By that time Wiener realised that his beloved native land no longer regarded him as a real German, so he took his family, including baby Miryam, born in Charlottenburg, Berlin, in 1933, to the neutral Netherlands. The family settled in Amsterdam. Miryam was to become Daniel Finkelstein’s mother. Wiener, a great scholar and bibliophile, was building up a huge collection of National Socialist publications to use as ammunition to warn the world about the dangers posed by that collection of gangsters. Here I part company with Finkelstein, for he refers to the Nazis as “right”: how on earth can a party calling itself the National Socialist German Workers’ Party ever be considered “right-wing”? He himself admits the similarities between Soviet Communism and National Socialism: both held that the “Will” of “The People” was being thwarted by “élites”, and that those “élites” needed to be “liquidated” by force. Both opposed the capitalist democracies and were determined to finish them off. Both wished to destroy the Polish Republic (and indeed soon set about “liquidating” its most eminent citizens); and the cynical hypocrisy of Arbeit macht Frei at the entrances to what were actually extermination camps was shared by both murderous régimes. At the Nuremberg Trials after the 1939–45 war, the Nazi defendants were charged with crimes against peace (was not the Soviet invasion of Poland a crime against peace?), crimes against humanity (were not the mass-deportations and enslavement of deportees by the Soviets crimes against humanity?), war-crimes (were not the murders of over 20,000 Polish officers in the so-called Katyń massacre war-crimes?), and conspiracy to commit those crimes. Were not the secret appendix to the Molotov-Ribbentrop Pact of 1939, and the memorandum on Katyń by Lavrentiy Beria — a monster, affectionately referred to by Stalin as “my Himmler” — evidences of conspiracy?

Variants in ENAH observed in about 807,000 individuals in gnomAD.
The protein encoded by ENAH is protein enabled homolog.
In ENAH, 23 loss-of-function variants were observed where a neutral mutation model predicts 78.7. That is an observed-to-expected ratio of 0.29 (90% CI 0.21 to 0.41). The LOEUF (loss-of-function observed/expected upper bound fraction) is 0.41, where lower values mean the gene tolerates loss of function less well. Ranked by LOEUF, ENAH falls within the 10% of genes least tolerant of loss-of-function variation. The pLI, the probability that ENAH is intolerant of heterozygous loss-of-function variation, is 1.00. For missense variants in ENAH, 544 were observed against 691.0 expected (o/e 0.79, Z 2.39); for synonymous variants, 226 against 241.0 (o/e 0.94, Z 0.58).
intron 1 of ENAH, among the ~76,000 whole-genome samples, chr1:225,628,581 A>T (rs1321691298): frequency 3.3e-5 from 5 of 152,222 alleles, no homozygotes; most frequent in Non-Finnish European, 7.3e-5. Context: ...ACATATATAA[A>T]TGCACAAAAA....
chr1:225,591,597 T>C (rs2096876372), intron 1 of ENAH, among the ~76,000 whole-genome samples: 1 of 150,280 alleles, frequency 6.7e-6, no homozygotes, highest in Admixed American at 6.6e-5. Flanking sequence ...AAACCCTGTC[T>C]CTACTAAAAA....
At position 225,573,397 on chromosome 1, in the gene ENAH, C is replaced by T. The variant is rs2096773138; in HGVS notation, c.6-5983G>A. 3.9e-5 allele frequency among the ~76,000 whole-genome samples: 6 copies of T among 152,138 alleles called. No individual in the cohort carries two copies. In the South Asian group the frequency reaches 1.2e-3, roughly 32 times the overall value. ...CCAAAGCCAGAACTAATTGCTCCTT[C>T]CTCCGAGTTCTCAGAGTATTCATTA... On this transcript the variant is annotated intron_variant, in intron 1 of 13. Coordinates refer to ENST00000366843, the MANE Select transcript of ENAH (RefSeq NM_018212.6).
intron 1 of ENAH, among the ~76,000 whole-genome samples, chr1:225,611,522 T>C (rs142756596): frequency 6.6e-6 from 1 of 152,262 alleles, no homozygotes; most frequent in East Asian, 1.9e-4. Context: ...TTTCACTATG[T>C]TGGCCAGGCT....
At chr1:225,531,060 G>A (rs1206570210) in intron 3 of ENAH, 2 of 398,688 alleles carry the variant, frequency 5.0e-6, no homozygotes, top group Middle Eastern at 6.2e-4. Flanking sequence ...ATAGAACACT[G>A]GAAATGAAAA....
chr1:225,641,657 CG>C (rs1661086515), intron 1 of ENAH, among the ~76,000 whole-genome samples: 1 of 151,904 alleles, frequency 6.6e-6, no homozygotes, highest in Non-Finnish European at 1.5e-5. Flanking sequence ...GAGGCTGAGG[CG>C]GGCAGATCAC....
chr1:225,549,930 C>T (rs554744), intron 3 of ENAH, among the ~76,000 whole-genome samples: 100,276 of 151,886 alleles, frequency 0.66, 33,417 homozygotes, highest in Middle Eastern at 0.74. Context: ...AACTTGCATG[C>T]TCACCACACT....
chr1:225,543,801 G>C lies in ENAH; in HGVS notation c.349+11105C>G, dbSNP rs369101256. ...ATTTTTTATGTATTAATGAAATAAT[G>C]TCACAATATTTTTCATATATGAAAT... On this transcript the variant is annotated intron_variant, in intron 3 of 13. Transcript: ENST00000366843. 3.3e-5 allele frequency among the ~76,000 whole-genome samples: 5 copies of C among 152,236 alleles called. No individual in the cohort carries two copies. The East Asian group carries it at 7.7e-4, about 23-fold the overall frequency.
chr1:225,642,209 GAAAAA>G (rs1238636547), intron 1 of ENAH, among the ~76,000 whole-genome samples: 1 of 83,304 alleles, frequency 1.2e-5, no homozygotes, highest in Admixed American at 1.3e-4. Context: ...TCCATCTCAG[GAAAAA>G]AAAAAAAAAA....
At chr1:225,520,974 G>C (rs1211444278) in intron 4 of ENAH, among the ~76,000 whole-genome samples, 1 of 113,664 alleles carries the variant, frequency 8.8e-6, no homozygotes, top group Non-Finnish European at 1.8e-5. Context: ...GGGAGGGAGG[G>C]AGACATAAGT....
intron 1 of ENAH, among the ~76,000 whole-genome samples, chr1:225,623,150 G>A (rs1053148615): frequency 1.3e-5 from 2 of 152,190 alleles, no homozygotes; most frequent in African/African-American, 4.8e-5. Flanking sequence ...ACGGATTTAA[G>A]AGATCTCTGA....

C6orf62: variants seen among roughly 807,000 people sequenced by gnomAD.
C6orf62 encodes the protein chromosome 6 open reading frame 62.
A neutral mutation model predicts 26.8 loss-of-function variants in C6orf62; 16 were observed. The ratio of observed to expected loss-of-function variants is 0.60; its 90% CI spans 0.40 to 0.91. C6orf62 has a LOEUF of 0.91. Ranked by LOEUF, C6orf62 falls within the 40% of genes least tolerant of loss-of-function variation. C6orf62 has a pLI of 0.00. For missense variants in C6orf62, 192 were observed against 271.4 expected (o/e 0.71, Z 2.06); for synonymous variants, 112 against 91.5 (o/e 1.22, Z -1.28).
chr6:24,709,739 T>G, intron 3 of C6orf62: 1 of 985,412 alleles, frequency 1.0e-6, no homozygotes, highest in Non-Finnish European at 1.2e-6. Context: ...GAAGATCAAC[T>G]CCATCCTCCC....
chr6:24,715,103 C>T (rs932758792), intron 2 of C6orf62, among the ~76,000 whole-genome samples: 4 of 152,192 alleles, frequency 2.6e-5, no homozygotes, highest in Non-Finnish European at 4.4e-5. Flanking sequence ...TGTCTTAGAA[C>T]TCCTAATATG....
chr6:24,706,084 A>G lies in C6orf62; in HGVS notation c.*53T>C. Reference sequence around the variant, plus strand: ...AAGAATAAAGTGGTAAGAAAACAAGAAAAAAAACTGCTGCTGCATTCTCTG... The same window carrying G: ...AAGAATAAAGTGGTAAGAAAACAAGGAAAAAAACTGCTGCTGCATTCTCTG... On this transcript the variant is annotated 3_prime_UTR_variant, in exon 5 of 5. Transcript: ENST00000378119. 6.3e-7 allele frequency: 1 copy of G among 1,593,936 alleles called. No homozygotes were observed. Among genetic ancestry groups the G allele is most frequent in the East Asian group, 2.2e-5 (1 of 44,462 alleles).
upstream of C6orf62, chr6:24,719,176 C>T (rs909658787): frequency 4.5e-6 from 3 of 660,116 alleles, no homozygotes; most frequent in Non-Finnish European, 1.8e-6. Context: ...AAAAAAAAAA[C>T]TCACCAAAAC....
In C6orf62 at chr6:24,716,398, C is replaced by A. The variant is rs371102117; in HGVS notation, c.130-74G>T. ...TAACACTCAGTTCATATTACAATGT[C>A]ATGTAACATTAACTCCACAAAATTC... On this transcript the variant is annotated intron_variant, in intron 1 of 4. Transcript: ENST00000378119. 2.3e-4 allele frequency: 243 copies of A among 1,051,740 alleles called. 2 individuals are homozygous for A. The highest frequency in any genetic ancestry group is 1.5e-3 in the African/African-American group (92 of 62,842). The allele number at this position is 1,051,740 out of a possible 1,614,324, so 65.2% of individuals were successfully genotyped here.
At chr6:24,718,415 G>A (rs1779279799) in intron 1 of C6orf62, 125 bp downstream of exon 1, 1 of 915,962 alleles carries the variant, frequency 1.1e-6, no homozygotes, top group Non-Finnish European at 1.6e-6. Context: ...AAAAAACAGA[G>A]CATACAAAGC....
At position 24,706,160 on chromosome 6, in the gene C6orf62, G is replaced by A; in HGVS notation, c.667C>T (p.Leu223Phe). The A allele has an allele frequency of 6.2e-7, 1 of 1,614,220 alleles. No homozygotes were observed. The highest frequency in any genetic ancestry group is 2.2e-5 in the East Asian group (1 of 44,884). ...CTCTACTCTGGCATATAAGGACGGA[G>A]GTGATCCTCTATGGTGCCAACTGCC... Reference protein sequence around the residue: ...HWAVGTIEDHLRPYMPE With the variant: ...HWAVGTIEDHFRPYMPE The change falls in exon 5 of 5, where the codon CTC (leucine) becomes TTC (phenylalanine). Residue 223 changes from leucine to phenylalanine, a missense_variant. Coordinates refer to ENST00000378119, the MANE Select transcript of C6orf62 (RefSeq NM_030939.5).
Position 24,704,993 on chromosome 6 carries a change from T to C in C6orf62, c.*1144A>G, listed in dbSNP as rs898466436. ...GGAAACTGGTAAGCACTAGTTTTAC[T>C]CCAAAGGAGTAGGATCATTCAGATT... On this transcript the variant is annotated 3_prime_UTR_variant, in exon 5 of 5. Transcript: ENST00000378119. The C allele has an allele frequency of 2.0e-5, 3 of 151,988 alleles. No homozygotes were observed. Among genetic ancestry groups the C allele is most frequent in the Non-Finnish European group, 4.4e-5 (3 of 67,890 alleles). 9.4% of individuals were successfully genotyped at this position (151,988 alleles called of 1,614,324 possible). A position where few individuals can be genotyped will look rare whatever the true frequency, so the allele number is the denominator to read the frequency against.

Wiener established his important library in London. He was tireless in his efforts to inform an ignorant and naïve British government about the true nature of National Socialism and its genocidal programmes, and he eventually carried his efforts across the Atlantic to convince the Americans. However, he left his wife and three children in Amsterdam, so when the Germans invaded in 1940, they were trapped. Finkelstein chronicles the hair-raising lives they lived, leading to their incarceration in the camp at Westerbork, which was in fact just a holding facility for inmates destined for death in the gas-chambers of Sobibor, Treblinka and Auschwitz-Birkenau.

We are in grave danger, and few realise or admit how very dangerous it all is

Their departures were delayed thanks to the acquisition of fake Paraguayan papers, through an organisation in Switzerland (in which, again, Poles played a major part). Due to the fantasies of Heinrich Himmler, who attempted to swap Jewish prisoners for Germans incarcerated abroad, the Wieners were moved to Bergen-Belsen where they endured a sadistic régime of pointless roll-calls in all sorts of weathers, dreadful muck to eat, daily cruelties and much else. Eventually they were taken by a Red Cross train to Switzerland in exchange for Germans, but Alfred Wiener’s wife, Grete, having got her brood safely to Switzerland, succumbed to what she had been through and died there. The three girls were reunited with their father in America. After the war, the family settled in London, as did the Finkelsteins. Ludwik Finkelstein, with his mother Lusia, had survived the delights of deportation in a filthy overcrowded cattle-truck, shambolic Soviet “farming”, and the long trek to Iran as part of the establishment of General Anders’s army. He was to marry Miryam Wiener. Unfortunately, Ludwik’s father (Adolf, known as Dolu) died in 1950 in Hendon, weakened by what he had had to endure at the hands of the Soviets.

The author ends on a sobering note: “The idea that the value of liberal democracy, and law, and liberty, and tolerance, is a lesson that has been learned and can’t be unlearned seems hopelessly overoptimistic”. What happened to his parents, he declares, is not about to happen to his family. But could it? Given the filth on social media, the hatred spewing forth on all sides, the clearly rampant anti-Semitism that emerged within the British Labour Party and even in the rancid halls of what passes nowadays as Academe, he reckons it could indeed.

Here I am with him, absolutely: we are in grave danger, and few realise or admit how very dangerous it all is. Amongst my own tutors were distinguished German Jewish academics who had managed to get out in time, and I knew many gallant Poles who had fought during the war (and felt badly betrayed when Roosevelt and Churchill handed their wrecked country to Stalin). In Oxford, many years ago, I knew a young woman from the Netherlands who had been in Bergen-Belsen for some months in 1945: her experiences still haunt me. I know something horrible could well happen again.